ASUS announced its 31.5-inch "4K" display prior to Computex, but it was at the show that I got a chance to lay eyes on the highly anticipated display. The PQ321 features a 3840 x 2160 Sharp IGZO panel and will sell for $3799. The price point is closely tied to Sharp's panel cost, so as production increases in response to demand we should see prices fall.

Driving the 4K display will require either a DP 1.2 output or two HDMI outputs. ASUS' Computex demo had two of its panels (one 31.5" and a 39" version as well) running off of the same system, both driven off DisplayPort outputs.

Although the demo ran at 30Hz, ASUS claims it has a display setting that will allow 60Hz operation using DisplayPort.

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  • EnzoFX - Monday, June 10, 2013 - link

    Drool. What more is there to say. This is pure hotness for desktop/business use.
  • Kevin G - Monday, June 10, 2013 - link

    Tempting. Price out of reason but do not care. When does it ship?
  • chubbypanda - Monday, June 10, 2013 - link

    This 4k LCD was the first thing I went to see at Asus booth! If I remember correctly, it was two miniDP outputs with an adater (at least it seems like it).
  • jeffkibuule - Monday, June 10, 2013 - link

    Hopefully Apple and Dell use slightly smaller versions of this panel (I'm thinking 24"-27") so that they can start shipping those panels in much higher volumes.
  • dishayu - Monday, June 10, 2013 - link

    That was my first thought as well. For me, personally, 31 inch is just WAY too big for a computer monitor. 24-27 sounds just about right. Now if only they could mass produce them and get them in the < 500$ range that would be great :D
  • EnzoFX - Monday, June 10, 2013 - link

    <$500 for 4K monitor? Not even the name brand current 27"s go for that. If this ever comes down to more consumer oriented prices, it'll be $1000+ like the 30" Dell/Apple's and stay that way prob.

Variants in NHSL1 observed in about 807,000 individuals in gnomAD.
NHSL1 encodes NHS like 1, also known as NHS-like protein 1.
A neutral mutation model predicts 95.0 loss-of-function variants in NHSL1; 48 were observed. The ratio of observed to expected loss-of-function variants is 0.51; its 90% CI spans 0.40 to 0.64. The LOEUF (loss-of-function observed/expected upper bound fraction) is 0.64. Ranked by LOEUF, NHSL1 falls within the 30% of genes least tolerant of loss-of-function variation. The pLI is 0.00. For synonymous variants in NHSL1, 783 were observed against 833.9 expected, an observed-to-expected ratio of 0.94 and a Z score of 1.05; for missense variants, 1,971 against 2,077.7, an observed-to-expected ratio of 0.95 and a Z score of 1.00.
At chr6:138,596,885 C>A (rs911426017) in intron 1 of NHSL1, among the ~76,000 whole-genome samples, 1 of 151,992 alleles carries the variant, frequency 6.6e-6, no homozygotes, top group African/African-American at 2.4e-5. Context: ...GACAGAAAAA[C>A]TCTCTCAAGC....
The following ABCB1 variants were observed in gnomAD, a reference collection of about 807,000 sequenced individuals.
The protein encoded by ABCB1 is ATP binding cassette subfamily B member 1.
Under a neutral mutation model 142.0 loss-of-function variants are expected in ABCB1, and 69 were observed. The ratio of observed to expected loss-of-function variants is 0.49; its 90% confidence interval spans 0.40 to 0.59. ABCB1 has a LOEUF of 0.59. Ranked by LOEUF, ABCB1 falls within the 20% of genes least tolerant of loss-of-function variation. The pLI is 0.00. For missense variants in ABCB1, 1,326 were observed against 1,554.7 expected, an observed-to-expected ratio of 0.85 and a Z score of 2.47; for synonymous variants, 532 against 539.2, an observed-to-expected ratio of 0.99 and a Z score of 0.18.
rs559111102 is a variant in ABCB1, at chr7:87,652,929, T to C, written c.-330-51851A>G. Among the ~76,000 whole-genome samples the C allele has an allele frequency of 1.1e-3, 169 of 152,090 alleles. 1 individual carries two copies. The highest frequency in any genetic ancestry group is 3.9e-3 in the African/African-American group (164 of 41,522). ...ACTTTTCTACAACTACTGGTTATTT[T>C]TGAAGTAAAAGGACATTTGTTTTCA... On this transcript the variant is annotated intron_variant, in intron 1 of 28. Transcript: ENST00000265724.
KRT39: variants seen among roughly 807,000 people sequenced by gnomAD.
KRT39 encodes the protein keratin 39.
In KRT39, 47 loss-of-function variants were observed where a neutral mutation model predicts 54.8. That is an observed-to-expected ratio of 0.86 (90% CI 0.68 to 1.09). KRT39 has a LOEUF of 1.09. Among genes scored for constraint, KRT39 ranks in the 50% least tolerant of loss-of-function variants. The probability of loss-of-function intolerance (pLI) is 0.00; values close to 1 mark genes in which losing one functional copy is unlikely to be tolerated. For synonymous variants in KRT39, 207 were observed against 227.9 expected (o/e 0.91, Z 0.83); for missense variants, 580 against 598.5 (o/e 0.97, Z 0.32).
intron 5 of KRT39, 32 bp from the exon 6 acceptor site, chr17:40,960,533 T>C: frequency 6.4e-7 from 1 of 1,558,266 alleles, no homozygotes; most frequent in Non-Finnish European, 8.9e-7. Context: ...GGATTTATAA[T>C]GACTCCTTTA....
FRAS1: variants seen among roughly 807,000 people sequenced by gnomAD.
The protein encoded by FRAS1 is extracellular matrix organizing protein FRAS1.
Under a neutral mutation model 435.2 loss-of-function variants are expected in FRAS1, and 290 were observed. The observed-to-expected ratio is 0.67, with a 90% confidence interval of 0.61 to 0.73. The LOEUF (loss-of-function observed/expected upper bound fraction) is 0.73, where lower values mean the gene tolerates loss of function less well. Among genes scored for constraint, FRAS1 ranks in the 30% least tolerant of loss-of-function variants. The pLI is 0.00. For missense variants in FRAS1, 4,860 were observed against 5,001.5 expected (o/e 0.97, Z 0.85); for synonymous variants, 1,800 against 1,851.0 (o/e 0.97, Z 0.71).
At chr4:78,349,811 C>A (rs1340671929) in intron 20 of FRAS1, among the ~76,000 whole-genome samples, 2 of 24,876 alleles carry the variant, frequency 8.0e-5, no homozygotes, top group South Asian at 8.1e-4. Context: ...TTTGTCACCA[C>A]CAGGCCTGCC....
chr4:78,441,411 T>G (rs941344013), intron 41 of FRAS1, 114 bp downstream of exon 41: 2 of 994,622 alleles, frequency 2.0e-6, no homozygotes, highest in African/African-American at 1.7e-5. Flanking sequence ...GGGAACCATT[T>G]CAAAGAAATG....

• JDG1980 - Tuesday, June 11, 2013 - link

    4K is being pitched as the next big thing in the TV market. That means that prices will eventually come down to consumer levels. The reason that 1080p is so much cheaper than 2560x1440 or 2560x1600 is that it's a much more widely used resolution. But there is a good chance that 4K will be mainstream in another few years and will therefore be the new 1080p - cheap and easily available.
  • UltraTech79 - Saturday, June 15, 2013 - link

    I find it gimmicky. What does TV need with 4K when 1080p approches what human vision can resolve at the distance most people watch TV? 1600 itself would be more than enough. I dont see it actually gaining anything except trying to revitalize the TV market for people with more money than sense.

    For PC more resolution the better even past what a human can resolve as smooth due to the nature of the PC environment. More room for windows, better font rendering (goodbye cleartype), etc etc.
  • w_km - Monday, June 10, 2013 - link

    $500 4K is at least 2 years away :(
  • web2dot0 - Monday, June 10, 2013 - link

    You know what would be great? If they start handling it out for free. :-D

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